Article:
Tuesday, March 01, 2011

Strongest earthquake to-date in Arkansas swarm recorded; drillers stop doing injection wells

Last month we reported residents of Guy, Ark., suspect that a recent swarm of earthquakes was related to natural-gas drilling in the area. On Sunday the strongest earthquake in Arkansas recorded since 1976 hit the region, centered on nearby Greenbrier, the Arkansas Democrat Gazette reports. No serious damage was recorded after the quake, but some people did report broken windows and cracks in plaster walls. More than 4,100 people reported on the U.S. Geological Survey's website that they felt the quake. (Read more)

The Arkansas quake swarm "has garnered national attention because of its possible connection to natural-gas drilling operations in the area," Campbell Robertson of The New York Times reports. "Researchers with the Arkansas Geological Survey have pointed out spatial and temporal relationships between the earthquakes and the use of injection wells, which are used to dispose of the wastewater left over from gas drilling." No scientific link has been established between the quakes and hydraulic fracturing used in drilling to open up gas and oil deposits.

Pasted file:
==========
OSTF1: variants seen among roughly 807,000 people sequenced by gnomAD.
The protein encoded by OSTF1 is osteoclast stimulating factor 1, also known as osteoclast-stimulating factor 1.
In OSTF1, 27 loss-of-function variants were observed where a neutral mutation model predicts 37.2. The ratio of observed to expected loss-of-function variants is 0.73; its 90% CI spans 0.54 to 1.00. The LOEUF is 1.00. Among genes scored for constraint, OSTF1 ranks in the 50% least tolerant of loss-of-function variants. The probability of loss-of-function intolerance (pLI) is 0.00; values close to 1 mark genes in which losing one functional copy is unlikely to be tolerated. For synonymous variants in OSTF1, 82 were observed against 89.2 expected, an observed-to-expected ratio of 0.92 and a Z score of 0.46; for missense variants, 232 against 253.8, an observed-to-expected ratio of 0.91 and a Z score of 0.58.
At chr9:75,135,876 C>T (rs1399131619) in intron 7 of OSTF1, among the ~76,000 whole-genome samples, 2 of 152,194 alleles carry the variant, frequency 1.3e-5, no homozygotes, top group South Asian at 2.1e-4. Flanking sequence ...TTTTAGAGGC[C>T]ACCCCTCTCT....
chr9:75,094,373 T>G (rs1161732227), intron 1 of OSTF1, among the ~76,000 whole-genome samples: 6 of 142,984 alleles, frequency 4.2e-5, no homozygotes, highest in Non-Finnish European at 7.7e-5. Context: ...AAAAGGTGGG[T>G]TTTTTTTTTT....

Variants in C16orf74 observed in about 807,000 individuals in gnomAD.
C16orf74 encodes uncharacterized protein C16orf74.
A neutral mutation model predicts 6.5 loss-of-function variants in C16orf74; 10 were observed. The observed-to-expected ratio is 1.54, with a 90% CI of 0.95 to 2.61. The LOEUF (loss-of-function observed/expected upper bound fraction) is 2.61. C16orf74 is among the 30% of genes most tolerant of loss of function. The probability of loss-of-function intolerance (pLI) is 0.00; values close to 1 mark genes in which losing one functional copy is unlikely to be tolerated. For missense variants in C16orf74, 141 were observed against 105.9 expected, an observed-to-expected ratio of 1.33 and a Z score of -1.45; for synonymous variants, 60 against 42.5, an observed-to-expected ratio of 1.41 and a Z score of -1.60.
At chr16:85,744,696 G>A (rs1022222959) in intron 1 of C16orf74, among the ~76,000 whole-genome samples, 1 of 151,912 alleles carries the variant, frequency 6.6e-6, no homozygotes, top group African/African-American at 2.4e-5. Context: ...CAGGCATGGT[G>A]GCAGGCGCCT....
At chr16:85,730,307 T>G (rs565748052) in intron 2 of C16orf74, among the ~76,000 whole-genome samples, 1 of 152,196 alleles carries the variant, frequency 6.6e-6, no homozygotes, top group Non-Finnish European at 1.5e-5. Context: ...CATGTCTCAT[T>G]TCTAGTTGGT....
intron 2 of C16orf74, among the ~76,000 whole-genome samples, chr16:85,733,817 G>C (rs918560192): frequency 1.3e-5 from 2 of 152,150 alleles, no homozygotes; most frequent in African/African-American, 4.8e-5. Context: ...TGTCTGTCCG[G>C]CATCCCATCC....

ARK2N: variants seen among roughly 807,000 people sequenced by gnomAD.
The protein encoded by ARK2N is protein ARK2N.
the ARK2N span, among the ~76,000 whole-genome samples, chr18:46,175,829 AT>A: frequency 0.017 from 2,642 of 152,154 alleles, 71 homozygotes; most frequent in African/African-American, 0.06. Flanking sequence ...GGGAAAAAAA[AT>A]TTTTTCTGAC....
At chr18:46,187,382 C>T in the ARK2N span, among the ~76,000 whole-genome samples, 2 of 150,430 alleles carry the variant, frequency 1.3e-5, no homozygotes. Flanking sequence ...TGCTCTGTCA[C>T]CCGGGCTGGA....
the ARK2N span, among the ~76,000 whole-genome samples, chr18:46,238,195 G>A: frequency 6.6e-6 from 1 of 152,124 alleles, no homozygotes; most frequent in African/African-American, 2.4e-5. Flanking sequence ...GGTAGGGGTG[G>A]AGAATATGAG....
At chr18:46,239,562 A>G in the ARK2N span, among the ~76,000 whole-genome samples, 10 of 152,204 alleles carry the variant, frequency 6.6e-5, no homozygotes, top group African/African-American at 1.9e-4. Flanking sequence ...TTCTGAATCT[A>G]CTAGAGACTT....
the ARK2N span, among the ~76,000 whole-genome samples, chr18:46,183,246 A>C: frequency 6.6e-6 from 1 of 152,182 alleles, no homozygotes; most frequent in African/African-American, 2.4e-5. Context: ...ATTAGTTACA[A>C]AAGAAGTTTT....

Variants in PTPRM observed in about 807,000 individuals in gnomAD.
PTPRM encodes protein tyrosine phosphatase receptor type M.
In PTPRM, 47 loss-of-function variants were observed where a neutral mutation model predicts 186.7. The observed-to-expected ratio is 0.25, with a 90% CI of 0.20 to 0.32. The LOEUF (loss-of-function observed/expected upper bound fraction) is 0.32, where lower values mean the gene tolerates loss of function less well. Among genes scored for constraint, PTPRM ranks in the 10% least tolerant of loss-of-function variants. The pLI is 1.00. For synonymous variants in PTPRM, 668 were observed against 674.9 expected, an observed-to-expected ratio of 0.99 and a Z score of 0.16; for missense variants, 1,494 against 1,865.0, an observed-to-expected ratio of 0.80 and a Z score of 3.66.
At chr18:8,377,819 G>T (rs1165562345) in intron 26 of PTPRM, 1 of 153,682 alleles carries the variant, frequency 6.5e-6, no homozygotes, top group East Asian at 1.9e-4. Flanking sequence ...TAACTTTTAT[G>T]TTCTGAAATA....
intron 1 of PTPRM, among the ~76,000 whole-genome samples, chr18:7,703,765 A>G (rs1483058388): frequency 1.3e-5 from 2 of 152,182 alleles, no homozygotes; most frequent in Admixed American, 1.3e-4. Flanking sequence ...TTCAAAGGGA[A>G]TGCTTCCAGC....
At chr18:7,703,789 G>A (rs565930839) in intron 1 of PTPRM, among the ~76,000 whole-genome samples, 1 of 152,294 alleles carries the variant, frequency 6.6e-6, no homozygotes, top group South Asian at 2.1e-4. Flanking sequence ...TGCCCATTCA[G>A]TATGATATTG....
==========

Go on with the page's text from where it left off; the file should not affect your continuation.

The Arkansas Oil and Gas Association has halted drilling of new injection wells until the connection is better understood, but injection wells that were drilled prior to the moratorium are still being used. While similar swarms have occurred in the region in the past, "there is also a growing body of research suggesting that injections wells can induce earthquakes, and there is some circumstantial evidence that this might be happening in Arkansas," Robertson writes. (Read more)

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